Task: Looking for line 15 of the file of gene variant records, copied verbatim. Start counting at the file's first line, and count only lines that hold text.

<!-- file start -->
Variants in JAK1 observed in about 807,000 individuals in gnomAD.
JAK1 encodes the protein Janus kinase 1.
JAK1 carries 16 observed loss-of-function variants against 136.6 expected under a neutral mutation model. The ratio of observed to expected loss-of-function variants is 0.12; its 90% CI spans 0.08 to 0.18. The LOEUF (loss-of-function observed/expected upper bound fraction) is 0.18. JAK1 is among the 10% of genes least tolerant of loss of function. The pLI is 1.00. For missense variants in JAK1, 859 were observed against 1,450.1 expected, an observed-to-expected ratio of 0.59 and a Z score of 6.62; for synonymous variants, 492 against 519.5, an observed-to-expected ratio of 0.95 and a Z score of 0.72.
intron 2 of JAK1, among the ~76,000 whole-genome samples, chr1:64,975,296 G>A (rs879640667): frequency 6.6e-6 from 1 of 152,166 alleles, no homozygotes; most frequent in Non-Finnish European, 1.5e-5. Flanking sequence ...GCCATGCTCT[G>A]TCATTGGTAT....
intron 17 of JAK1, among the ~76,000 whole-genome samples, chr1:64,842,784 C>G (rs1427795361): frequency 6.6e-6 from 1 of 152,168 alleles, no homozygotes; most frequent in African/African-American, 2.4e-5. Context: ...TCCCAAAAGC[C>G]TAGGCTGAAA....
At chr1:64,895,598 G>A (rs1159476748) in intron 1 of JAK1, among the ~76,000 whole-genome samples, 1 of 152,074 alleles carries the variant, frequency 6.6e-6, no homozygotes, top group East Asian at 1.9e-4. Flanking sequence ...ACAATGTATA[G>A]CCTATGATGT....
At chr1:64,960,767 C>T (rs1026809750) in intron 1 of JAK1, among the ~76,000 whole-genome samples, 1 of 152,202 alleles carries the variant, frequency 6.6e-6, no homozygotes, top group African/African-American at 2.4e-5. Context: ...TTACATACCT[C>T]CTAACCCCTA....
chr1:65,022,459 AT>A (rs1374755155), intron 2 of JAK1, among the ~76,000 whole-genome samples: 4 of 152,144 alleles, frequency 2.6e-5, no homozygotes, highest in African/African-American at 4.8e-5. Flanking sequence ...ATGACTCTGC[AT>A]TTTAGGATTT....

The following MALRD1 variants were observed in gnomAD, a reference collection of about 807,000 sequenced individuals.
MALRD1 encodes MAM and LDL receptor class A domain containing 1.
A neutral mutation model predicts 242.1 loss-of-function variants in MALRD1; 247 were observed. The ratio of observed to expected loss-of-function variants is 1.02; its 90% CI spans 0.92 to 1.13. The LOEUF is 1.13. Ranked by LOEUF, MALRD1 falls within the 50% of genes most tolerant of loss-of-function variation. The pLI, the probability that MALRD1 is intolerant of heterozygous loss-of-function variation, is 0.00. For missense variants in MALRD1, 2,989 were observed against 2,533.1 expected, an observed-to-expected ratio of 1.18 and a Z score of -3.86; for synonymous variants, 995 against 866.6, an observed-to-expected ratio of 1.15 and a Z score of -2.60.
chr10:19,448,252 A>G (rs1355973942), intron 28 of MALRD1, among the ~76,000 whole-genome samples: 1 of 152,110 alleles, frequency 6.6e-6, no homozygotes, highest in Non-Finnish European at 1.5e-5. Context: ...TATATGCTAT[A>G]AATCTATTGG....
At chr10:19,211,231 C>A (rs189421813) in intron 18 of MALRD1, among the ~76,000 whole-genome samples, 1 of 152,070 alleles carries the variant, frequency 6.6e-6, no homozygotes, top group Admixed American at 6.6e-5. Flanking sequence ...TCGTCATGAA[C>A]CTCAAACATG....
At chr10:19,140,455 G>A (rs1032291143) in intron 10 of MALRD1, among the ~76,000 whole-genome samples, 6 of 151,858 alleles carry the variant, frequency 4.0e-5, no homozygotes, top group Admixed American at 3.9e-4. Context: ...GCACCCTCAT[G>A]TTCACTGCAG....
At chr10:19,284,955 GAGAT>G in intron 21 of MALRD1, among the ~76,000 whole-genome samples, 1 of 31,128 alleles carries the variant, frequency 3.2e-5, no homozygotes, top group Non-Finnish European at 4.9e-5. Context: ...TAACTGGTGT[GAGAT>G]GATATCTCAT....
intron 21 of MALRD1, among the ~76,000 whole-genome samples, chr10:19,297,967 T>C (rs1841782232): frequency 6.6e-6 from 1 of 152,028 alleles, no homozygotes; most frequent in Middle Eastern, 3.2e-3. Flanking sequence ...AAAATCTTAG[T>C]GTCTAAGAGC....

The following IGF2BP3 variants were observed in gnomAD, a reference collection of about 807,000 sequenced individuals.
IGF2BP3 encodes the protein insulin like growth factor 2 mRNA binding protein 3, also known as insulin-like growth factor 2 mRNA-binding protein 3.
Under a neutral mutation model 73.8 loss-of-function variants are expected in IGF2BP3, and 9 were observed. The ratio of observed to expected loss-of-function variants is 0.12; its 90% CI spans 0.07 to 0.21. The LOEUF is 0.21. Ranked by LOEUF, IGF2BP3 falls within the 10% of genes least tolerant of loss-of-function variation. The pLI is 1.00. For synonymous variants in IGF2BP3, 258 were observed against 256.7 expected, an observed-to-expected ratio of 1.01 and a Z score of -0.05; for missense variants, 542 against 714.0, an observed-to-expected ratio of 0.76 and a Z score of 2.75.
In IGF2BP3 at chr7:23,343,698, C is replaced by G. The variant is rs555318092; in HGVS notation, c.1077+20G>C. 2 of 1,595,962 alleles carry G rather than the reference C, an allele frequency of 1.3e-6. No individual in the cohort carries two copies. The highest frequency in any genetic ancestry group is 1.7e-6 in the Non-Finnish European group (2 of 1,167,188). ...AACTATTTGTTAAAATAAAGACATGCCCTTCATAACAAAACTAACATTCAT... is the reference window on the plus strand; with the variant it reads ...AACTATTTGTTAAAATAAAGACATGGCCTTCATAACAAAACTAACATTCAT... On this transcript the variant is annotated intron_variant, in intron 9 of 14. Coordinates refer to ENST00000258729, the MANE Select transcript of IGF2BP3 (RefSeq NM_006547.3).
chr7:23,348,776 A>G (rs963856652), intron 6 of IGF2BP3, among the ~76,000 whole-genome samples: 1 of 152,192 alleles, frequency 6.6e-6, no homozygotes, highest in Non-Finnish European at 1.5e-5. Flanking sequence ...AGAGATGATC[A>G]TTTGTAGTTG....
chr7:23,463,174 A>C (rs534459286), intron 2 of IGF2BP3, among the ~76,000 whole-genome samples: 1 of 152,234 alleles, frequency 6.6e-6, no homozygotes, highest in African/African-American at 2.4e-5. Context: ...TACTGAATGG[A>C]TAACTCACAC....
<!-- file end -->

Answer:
At chr10:19,284,955 GAGAT>G in intron 21 of MALRD1, among the ~76,000 whole-genome samples, 1 of 31,128 alleles carries the variant, frequency 3.2e-5, no homozygotes, top group Non-Finnish European at 4.9e-5. Context: ...TAACTGGTGT[GAGAT>G]GATATCTCAT....